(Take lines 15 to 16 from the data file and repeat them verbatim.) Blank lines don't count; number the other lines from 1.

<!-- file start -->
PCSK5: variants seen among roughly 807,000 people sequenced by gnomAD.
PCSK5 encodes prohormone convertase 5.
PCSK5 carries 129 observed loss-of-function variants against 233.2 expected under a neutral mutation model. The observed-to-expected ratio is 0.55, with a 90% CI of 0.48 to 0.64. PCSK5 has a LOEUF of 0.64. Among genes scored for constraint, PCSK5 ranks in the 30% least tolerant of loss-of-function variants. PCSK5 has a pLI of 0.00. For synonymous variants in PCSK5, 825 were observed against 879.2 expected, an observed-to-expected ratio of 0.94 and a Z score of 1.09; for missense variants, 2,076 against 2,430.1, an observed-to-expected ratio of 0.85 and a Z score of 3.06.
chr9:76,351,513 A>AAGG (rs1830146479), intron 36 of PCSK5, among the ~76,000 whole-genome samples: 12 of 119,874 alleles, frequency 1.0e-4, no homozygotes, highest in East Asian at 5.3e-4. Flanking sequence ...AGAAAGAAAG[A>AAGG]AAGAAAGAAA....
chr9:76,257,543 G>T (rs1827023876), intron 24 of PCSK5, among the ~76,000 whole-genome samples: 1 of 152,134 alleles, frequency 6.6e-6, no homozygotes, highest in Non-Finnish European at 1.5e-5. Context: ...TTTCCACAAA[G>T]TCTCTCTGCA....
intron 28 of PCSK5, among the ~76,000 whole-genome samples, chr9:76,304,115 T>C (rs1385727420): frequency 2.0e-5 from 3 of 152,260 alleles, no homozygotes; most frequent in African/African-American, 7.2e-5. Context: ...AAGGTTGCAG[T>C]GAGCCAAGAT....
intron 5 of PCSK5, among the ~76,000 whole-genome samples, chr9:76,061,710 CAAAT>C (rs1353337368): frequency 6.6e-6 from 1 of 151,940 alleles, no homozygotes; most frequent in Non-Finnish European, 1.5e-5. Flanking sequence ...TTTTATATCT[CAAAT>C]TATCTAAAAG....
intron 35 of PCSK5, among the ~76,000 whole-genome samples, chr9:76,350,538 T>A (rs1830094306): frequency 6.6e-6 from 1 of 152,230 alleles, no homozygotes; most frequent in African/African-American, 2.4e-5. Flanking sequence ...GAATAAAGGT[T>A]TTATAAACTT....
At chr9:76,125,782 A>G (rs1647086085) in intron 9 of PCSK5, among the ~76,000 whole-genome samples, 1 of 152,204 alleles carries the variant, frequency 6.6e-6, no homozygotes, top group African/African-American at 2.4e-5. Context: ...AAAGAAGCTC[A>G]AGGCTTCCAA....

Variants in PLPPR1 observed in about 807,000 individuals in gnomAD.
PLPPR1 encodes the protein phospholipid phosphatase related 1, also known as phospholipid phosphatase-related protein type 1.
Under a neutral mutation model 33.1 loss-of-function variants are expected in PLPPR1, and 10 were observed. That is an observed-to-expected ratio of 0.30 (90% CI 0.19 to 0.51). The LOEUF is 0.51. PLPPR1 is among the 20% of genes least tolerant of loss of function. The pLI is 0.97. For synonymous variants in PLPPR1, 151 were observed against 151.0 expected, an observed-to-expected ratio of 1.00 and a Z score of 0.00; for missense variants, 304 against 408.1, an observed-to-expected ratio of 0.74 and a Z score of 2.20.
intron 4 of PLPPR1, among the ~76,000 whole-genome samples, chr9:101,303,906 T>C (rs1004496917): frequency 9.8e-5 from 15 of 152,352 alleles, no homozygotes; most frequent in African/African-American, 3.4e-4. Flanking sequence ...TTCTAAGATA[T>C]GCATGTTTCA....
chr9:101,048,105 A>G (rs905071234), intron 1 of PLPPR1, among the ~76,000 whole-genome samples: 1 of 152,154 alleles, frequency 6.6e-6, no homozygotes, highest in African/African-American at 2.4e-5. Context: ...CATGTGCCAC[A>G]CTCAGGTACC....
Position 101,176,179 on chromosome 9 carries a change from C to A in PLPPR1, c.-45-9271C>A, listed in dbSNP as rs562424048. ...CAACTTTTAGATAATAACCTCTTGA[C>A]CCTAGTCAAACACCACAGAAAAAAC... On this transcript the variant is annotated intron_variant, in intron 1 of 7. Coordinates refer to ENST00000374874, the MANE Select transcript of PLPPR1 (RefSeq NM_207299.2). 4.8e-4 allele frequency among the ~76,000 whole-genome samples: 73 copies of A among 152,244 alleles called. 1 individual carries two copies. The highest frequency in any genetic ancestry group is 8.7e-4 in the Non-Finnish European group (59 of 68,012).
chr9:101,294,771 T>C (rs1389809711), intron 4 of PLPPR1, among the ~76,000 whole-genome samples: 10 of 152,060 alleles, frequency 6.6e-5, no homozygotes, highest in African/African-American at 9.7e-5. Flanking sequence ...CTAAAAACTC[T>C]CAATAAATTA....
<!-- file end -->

Position 101,176,179 on chromosome 9 carries a change from C to A in PLPPR1, c.-45-9271C>A, listed in dbSNP as rs562424048. ...CAACTTTTAGATAATAACCTCTTGA[C>A]CCTAGTCAAACACCACAGAAAAAAC... On this transcript the variant is annotated intron_variant, in intron 1 of 7. Coordinates refer to ENST00000374874, the MANE Select transcript of PLPPR1 (RefSeq NM_207299.2). 4.8e-4 allele frequency among the ~76,000 whole-genome samples: 73 copies of A among 152,244 alleles called. 1 individual carries two copies. The highest frequency in any genetic ancestry group is 8.7e-4 in the Non-Finnish European group (59 of 68,012).
chr9:101,294,771 T>C (rs1389809711), intron 4 of PLPPR1, among the ~76,000 whole-genome samples: 10 of 152,060 alleles, frequency 6.6e-5, no homozygotes, highest in African/African-American at 9.7e-5. Flanking sequence ...CTAAAAACTC[T>C]CAATAAATTA....